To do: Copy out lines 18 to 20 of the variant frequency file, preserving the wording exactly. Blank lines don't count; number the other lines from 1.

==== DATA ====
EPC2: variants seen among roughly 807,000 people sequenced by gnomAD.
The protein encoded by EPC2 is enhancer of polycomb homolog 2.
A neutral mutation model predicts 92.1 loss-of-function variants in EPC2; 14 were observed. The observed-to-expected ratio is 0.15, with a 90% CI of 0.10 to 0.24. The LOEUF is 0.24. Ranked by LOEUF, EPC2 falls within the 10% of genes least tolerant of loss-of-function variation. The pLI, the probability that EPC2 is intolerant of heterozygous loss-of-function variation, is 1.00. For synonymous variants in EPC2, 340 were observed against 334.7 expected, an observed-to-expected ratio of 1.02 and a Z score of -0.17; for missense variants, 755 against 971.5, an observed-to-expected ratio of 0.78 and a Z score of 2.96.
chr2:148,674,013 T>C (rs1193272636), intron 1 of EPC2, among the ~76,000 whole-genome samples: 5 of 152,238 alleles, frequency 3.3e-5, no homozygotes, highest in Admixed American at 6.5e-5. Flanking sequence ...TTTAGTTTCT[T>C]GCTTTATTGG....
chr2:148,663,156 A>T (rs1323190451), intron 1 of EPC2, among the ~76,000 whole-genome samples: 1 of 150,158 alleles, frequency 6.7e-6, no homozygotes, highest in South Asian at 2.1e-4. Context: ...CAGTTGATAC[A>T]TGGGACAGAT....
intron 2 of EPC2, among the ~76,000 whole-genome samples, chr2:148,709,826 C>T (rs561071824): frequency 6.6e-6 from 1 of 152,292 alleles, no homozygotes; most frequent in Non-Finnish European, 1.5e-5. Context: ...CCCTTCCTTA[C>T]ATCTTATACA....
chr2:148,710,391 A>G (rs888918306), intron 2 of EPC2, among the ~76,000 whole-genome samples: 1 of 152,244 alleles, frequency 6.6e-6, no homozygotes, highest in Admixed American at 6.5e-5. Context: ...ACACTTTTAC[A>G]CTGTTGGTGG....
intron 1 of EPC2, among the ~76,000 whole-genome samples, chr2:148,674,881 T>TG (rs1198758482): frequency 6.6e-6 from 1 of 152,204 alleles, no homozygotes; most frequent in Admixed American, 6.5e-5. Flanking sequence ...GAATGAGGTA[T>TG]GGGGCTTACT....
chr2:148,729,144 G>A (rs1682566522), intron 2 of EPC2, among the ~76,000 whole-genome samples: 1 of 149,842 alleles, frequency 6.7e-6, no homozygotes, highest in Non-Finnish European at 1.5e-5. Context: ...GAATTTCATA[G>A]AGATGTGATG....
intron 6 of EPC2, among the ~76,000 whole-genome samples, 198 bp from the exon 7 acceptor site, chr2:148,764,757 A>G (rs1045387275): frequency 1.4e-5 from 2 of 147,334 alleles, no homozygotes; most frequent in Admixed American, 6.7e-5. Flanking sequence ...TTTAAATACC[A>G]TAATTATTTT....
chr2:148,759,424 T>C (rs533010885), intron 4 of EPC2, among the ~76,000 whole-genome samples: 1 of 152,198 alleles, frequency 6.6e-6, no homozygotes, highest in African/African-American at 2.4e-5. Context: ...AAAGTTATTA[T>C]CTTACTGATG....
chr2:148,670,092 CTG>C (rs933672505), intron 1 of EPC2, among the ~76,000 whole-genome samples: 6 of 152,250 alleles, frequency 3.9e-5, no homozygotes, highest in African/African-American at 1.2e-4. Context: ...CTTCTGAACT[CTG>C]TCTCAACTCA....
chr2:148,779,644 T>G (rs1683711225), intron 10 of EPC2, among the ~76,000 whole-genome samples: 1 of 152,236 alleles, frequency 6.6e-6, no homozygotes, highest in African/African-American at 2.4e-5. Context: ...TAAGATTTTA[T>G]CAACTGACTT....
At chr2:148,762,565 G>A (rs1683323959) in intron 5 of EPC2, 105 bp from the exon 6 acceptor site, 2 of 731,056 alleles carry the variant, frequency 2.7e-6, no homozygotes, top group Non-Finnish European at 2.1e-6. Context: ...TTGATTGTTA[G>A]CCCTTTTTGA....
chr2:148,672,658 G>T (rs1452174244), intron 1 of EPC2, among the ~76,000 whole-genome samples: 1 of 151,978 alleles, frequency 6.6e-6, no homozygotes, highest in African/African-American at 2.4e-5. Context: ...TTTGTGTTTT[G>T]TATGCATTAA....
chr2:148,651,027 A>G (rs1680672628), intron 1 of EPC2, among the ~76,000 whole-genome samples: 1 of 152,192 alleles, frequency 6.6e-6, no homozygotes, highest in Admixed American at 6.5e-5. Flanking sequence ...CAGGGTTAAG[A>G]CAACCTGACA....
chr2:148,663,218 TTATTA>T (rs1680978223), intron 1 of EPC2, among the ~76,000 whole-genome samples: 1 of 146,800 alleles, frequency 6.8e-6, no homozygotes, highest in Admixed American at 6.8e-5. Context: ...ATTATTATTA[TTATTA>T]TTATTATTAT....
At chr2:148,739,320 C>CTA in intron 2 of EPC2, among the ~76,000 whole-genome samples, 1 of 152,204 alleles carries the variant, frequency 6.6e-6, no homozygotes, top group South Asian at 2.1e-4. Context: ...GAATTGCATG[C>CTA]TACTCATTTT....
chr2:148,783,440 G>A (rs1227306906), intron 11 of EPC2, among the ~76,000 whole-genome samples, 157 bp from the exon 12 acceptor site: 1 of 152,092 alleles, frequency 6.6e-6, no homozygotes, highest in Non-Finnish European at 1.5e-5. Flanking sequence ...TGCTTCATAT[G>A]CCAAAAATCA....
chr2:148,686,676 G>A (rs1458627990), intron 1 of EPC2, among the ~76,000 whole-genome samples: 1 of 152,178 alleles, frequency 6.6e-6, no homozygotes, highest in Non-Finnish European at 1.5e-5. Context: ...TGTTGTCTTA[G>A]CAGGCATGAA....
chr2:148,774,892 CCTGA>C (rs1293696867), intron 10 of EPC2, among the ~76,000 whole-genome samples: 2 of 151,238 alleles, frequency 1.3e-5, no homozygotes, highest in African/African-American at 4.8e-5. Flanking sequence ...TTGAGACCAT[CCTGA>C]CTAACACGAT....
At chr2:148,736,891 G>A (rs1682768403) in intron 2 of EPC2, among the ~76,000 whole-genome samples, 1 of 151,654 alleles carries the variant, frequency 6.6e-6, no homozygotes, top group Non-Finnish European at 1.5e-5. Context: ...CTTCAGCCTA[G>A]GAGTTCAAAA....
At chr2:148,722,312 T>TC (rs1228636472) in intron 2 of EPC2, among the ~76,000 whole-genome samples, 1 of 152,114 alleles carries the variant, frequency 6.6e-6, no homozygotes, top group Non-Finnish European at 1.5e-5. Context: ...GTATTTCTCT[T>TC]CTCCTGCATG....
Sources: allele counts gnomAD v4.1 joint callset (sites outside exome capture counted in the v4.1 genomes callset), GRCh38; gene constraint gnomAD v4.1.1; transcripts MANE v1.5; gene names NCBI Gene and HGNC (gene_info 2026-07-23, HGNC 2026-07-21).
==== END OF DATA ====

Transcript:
At chr2:148,739,320 C>CTA in intron 2 of EPC2, among the ~76,000 whole-genome samples, 1 of 152,204 alleles carries the variant, frequency 6.6e-6, no homozygotes, top group South Asian at 2.1e-4. Context: ...GAATTGCATG[C>CTA]TACTCATTTT....
chr2:148,783,440 G>A (rs1227306906), intron 11 of EPC2, among the ~76,000 whole-genome samples, 157 bp from the exon 12 acceptor site: 1 of 152,092 alleles, frequency 6.6e-6, no homozygotes, highest in Non-Finnish European at 1.5e-5. Flanking sequence ...TGCTTCATAT[G>A]CCAAAAATCA....
chr2:148,686,676 G>A (rs1458627990), intron 1 of EPC2, among the ~76,000 whole-genome samples: 1 of 152,178 alleles, frequency 6.6e-6, no homozygotes, highest in Non-Finnish European at 1.5e-5. Context: ...TGTTGTCTTA[G>A]CAGGCATGAA....